Last modified: Monday, March 21, 2011
Back-to-school tips from Indiana University
Time's ticking. Time management can affect student learning from grade school through college and beyond, and multitasking is a black hole where much of a student's time goes. "There is emerging research that seems to indicate that multitasking results in compromised levels of success in each task," said Charles R. Frederick, Jr. director of IU's Student Academic Center. It might work for basic tasks, such as cooking and making an appointment over the phone, but not when it comes to class work and distractions, such as TV, texting or social networking. "It's not possible to study at a high level if one is not fully engaged," Frederick said.
Frederick's suggestions for parents with kids in elementary school: Parents with young children should be wary of putting a computer or TV in their child's room. "Young children should develop homework habits that eliminate distractions," Frederick said. "Children take their study habits with them as they move to high school."
Frederick's suggestions for parents with kids in middle school and high school: In middle school and high school, teenagers want to do it all - extracurricular activities, school and sports - but students and parents need to guard against over commitment. "There are so many opportunities that we never had in elementary and high school, but if you do too much you will wear yourself down," Frederick said. "Parents need to help students make wise choices."
Frederick's suggestions for college students: Students should make better use of the time between classes. Reviewing material following class is a productive use of time. It is better for students to break up their studying rather than doing it during one big block of time. "Students should talk to professors and faculty members," Frederick said. "Ask them how to navigate college since they did it successfully. If you ask faculty for advice it will make your college experience much more valuable."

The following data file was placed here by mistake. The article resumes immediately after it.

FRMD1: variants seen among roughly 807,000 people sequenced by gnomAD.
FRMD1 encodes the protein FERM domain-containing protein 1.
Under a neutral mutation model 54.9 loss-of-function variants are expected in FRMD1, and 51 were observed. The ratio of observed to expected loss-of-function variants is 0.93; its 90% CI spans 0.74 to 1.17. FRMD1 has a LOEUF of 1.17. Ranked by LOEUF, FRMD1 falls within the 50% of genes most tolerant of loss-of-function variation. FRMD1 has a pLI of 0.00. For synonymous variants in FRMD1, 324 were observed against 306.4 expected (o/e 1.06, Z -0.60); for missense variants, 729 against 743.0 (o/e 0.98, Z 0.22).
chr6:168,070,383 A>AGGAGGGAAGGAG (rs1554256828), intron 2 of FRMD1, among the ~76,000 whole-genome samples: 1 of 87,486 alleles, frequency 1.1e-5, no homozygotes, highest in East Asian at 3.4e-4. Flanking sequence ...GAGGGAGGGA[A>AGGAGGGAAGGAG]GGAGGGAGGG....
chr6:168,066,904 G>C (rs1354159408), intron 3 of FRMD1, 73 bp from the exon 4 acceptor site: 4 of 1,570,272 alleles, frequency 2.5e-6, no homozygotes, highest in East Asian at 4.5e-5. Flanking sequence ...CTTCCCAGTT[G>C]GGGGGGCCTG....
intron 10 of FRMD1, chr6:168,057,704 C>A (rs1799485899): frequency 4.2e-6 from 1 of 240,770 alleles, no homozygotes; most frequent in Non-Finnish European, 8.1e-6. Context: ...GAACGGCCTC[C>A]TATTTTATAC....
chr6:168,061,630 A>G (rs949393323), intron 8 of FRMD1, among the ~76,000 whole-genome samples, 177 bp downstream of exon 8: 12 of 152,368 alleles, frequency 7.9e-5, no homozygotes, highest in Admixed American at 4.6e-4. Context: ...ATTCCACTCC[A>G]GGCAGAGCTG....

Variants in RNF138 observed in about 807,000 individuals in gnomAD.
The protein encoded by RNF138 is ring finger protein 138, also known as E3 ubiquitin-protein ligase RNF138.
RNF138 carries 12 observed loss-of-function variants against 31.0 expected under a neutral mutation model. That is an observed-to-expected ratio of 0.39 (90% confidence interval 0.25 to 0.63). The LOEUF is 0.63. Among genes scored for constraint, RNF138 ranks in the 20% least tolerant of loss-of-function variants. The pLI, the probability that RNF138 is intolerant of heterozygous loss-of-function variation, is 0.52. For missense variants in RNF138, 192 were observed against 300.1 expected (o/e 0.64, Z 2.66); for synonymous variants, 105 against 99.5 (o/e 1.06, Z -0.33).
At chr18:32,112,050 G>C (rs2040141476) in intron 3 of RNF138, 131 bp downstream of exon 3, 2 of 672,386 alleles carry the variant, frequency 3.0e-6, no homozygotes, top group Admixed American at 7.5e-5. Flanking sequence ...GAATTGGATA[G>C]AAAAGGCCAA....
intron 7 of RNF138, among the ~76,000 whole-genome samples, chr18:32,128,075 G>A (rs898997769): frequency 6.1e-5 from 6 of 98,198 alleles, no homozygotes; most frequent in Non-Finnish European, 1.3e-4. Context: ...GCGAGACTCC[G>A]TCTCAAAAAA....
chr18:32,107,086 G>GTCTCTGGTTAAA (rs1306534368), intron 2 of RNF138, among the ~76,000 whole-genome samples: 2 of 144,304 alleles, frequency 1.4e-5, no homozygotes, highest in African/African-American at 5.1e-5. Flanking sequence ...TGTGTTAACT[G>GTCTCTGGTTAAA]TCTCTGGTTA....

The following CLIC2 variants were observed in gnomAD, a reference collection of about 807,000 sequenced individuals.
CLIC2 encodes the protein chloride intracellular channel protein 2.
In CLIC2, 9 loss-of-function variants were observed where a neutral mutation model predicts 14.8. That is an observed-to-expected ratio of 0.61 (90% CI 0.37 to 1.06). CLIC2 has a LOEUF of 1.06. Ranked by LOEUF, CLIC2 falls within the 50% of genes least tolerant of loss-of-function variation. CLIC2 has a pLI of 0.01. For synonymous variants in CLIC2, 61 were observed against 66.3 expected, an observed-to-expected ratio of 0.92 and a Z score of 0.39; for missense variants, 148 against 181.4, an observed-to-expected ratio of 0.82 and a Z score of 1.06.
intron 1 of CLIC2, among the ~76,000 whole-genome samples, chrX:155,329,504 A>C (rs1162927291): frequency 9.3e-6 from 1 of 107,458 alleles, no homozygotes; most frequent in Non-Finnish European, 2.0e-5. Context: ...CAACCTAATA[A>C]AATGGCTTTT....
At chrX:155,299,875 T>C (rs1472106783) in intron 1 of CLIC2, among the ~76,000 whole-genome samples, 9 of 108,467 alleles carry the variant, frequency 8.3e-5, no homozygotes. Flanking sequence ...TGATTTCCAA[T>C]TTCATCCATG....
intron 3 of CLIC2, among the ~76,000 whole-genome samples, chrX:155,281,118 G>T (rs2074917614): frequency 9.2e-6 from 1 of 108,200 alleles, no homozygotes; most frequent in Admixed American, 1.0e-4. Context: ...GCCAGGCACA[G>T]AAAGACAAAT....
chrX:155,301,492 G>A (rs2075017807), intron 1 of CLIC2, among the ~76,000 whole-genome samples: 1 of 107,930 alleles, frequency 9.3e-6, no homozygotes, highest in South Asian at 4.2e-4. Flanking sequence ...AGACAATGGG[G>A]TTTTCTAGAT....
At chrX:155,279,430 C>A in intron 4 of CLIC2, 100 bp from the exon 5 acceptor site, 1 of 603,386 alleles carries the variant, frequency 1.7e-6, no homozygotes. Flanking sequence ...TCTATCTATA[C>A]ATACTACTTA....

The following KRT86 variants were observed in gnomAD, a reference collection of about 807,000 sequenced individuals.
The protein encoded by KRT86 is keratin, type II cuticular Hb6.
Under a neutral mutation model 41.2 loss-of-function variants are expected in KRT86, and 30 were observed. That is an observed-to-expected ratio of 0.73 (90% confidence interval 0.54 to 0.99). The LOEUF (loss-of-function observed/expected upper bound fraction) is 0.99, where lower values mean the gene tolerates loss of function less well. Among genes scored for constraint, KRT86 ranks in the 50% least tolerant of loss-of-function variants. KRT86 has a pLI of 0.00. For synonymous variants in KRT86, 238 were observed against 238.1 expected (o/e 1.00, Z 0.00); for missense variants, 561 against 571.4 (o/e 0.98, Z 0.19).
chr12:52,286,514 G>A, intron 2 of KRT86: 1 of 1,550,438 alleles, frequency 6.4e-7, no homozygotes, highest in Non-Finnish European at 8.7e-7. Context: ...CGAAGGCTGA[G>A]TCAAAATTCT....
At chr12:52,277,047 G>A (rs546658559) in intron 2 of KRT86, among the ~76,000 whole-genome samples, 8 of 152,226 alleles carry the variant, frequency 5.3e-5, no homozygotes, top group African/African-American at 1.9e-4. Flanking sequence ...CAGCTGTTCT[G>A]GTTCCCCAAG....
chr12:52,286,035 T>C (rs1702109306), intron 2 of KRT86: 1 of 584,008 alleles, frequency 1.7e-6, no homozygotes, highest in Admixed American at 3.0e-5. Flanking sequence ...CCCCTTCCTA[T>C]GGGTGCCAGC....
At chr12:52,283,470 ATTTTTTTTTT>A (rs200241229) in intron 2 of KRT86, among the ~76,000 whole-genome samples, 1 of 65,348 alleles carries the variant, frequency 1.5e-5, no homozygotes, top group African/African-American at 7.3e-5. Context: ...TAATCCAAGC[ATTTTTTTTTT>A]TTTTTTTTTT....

Need more help with time management? Frederick offers these tips:
• Plan ahead. Whether, you decide to use paper, a cell phone, or a laptop, everyone should use some sort of planner, Frederick said. "We all fritter away time doing things that are inconsequential, but if you are forced to really account for how your time is allotted you may find that the most precious resource we have is often the one least well spent," Frederick said.
• Plan your study sessions. Do not approach your work haphazardly.
• Know your distracters. What keeps you from completing academic tasks? Identify those factors so you can avoid them.
• Don't let it ring. Turn off your cell phone.
• Stop tweeting. If you are working on your computer work offline.
• Get it together. Organize your workspace before you start to work.
• Split it up. If you are working in a group make certain that everyone is clear about their responsibilities.
• Learn to say no. No one person can do everything. You must make choices.
• Focus. There seems to be emerging evidence that multitasking is a less than optimal approach. To accomplish the difficult academic work demanded at IU students must focus.
• Slow down. Don't "run through" academic tasks. Apply yourself and concentrate.
• Prioritize. Again, you have to choose.
Frederick can be reached at 812-855-7313 and firstname.lastname@example.org.
For additional assistance with these items, contact Alyssa Goldman, University Communications, at 812-855-5960 and email@example.com.